As the legislative season came down to the wire, Minnesota’s elected officials called a special session to complete their task of creating a state budget.
Eden Prairie News asked the Eden Prairie’s elected officials about the session and if they achieved their goals from the start of the session. State Rep. Laurie Pryor, DFL-Minnetonka, who represents District 48A, was elected in 2016 and reflected compromise and the nature of legislative systems.
Pryor answered the following questions from Eden Prairie News on June 3:
Did you achieve the goals you had at the start of the session?
This legislative session, we achieved many of the goals we set out to reach back in January. Some of these weren’t easy, but with divided government, that’s the reality we face. We were successful in protecting health care access for more than one million Minnesotans. We enacted oversight measures for pharmaceutical middlemen to get a hold on prescription drug prices. We passed legislation to stop distracted driving, protect seniors and vulnerable adults and took action on the opioid crisis.
Unfortunately, the session ended without common sense gun violence prevention, or new investments in our crumbling infrastructure and expanding transit.
How was it serving in a divided legislature?
Having each political party control one body of the legislature resulted in some uncertainty this session, with the ultimate need to compromise looming. House committees considered a wide variety of good legislation that unfortunately stalled because the Senate wouldn’t consider it, and I’m hoping much of this can be revisited in the future. Regardless of how difficult reaching consensus was, Minnesotans expect us to work together to deliver results. Having done so set the groundwork for more improvements in our state.
What progress did you as a legislator make in work on the opioid crisis? On gun control?
In the House, we pushed for a strong opioid stewardship bill that not only funded treatment, recovery and prevention strategies, but held pharmaceutical companies accountable for their role in creating this crisis. We reached a compromise with the Senate that achieved these objectives.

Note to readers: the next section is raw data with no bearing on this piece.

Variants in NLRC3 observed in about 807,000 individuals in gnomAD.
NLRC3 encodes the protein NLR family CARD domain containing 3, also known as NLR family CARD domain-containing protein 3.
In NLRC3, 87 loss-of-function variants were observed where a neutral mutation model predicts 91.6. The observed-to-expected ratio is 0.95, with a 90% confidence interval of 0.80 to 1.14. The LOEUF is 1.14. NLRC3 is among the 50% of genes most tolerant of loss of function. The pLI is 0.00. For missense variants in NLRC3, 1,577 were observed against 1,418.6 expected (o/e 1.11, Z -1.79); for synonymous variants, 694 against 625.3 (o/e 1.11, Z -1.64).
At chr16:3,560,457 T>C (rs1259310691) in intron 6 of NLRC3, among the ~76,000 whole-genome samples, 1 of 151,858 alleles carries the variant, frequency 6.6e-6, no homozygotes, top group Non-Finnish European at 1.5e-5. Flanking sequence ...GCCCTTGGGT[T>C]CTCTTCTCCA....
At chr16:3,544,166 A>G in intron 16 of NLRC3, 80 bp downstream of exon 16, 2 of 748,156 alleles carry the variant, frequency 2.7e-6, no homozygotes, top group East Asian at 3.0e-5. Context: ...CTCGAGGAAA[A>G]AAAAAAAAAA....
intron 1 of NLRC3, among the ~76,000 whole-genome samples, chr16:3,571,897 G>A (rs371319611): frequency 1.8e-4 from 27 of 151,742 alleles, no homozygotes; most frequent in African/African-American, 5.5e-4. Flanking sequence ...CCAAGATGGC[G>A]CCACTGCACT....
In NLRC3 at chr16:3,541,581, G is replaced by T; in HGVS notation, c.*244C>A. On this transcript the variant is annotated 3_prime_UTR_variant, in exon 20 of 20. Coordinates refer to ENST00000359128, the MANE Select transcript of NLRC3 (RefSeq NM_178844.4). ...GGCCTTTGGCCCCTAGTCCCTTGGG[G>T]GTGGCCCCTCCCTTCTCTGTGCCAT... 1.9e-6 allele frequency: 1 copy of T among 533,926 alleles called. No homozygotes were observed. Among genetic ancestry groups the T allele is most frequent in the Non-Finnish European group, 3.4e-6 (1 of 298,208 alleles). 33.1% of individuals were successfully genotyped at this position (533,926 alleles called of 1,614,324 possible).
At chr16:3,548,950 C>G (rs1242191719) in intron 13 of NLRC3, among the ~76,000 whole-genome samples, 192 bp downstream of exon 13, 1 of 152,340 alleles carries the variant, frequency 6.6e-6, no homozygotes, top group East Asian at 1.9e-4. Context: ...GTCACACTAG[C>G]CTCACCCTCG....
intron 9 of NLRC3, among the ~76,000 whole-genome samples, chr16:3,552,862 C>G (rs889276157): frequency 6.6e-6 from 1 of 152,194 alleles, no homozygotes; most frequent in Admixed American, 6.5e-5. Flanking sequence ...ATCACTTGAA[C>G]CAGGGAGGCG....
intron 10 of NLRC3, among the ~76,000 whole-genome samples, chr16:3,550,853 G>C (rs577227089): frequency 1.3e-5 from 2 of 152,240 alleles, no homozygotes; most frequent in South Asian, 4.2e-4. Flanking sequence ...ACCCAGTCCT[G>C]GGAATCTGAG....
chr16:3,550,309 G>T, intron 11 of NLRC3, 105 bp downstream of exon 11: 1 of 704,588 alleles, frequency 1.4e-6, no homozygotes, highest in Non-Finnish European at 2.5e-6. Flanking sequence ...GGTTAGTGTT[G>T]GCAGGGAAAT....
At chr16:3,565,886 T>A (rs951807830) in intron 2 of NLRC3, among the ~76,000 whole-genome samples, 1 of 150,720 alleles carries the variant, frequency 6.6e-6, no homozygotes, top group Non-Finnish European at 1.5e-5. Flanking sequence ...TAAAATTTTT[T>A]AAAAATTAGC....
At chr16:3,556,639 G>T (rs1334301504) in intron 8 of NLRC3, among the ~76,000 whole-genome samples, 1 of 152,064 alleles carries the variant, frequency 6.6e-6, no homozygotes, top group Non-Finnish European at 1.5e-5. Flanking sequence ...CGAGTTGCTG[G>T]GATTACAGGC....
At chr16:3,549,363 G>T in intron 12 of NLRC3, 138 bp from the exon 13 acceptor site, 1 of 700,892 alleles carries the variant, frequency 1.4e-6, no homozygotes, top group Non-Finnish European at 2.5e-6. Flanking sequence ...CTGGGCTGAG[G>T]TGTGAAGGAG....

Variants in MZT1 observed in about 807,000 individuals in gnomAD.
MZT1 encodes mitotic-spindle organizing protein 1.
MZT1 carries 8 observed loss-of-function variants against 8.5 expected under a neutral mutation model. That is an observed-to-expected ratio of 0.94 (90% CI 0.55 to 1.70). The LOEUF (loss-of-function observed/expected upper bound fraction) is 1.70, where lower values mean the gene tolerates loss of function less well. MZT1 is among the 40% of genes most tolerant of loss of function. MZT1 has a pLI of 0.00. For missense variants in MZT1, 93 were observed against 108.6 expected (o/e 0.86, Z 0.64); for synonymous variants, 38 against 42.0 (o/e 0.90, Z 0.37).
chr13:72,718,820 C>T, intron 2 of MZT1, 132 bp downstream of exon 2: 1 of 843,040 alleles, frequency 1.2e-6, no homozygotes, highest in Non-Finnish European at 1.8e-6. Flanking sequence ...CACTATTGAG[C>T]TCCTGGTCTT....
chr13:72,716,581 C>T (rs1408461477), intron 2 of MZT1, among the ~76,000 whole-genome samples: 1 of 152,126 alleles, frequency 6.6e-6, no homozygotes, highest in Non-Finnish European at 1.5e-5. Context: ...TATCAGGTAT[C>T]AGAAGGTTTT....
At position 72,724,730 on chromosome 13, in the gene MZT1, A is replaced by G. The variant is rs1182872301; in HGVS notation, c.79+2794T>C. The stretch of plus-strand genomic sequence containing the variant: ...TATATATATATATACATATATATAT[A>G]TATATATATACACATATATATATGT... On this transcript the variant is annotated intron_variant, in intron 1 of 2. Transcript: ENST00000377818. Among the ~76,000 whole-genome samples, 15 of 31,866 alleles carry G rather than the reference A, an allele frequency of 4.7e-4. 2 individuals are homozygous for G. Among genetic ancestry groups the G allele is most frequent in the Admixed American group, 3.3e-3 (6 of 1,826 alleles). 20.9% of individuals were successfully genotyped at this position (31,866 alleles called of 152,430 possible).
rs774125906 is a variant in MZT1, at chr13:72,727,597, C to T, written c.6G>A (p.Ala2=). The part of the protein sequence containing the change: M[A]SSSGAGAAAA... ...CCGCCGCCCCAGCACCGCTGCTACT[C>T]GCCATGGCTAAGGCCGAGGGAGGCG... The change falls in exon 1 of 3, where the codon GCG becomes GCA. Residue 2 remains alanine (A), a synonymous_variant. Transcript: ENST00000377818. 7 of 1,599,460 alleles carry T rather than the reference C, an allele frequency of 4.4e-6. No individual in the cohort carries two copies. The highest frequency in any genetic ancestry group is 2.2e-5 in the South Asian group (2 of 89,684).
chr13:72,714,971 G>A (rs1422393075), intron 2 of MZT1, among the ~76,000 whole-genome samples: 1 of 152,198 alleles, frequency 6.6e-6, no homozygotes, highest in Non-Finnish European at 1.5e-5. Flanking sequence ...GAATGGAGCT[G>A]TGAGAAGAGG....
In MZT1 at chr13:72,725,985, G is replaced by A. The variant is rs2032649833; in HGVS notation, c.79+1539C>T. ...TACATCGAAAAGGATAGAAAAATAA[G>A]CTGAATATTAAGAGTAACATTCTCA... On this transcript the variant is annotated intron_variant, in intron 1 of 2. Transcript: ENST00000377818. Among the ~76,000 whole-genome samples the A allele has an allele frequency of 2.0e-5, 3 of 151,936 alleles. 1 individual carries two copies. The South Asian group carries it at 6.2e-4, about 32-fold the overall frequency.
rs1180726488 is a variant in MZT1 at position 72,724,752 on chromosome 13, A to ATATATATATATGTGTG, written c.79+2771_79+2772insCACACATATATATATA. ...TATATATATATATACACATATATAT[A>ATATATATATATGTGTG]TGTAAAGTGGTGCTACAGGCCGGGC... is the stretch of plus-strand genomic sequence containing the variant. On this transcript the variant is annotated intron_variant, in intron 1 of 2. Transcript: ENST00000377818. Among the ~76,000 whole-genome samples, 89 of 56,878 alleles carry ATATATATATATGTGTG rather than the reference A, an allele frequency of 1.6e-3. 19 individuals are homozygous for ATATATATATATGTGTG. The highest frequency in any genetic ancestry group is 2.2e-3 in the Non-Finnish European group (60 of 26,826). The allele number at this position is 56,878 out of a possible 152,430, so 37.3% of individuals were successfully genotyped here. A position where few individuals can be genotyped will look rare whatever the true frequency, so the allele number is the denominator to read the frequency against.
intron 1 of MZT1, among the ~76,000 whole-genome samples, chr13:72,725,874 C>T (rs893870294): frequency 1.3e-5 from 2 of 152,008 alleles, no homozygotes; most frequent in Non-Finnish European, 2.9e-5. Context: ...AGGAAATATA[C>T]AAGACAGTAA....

With so many tragedies occurring in recent months, the House prioritized gun violence prevention. This wasn’t a politically expedient vote for many of us, but these were common sense solutions to save lives. It was incredibly disappointing to see Senate Republicans, without holding a single public hearing on the topic of gun violence, defeat these proposals.
How do you feel about how the gas tax ended in the legislature?
The latest report card from the American Society of Civil Engineers gave Minnesota a D+ grade for our roads. This is a real problem leading to consequences for Minnesotans, both in time and money. Minnesotans are spending more time in congestion, and potholes and other deficiencies result in costly repair bills. In some areas, lives are in constant danger due to dangerous roadways. The longer we put off real investments in our transportation infrastructure, the more costly these become. For our region to compete, we need to responsibly fund improvements in our roads, bridges and transit.
Is Minnesota’s government doing enough to mitigate climate change?
This session, we set out for a new goal of 100 percent renewable energy from our utilities by 2050. This benchmark may be ambitious, but considering the progress we’ve already made on green energy, it’s absolutely possible. Our planet is entering a critical stage with the impacts of climate change taking hold. This is an issue in which Minnesota has the capacity to lead. Xcel Energy has already announced their intention to fast-track closure of coal plants. Minnesotans, especially youth in our state, are seeking bold leadership on this issue, and it’s time to step up and take action.
Would you change Minnesota’s health care system? Why or why not? Do you support Medicare for all?
At the State Legislature, our efforts should be focused on ensuring all Minnesotans can access health care when they need it and for an affordable price. Unfortunately, insurance premiums are too high, prescription drugs cost too much and necessary care and procedures are out of reach for too many Minnesotans. This session, we started to take steps getting a hold on prescription drug prices by regulating Pharmacy Benefit Managers, essentially middlemen who only serve to drive up costs. More needs to be done though, especially when it comes to ensuring Minnesotans can access lifesaving medications like insulin.
Why do you believe the Minnesota legislature ends up in special session so frequently?
Minnesotans expect their elected officials to get the job done, and do it in a way that improves opportunities for everyone. The reality is that with divided government, conflict at some stage is often inevitable. This session, House DFLers led an effort to institute new deadlines to reach a timelier conclusion. In the end, I’m pleased we were able to reach a compromise that reflects many of our shared priorities as Minnesotans.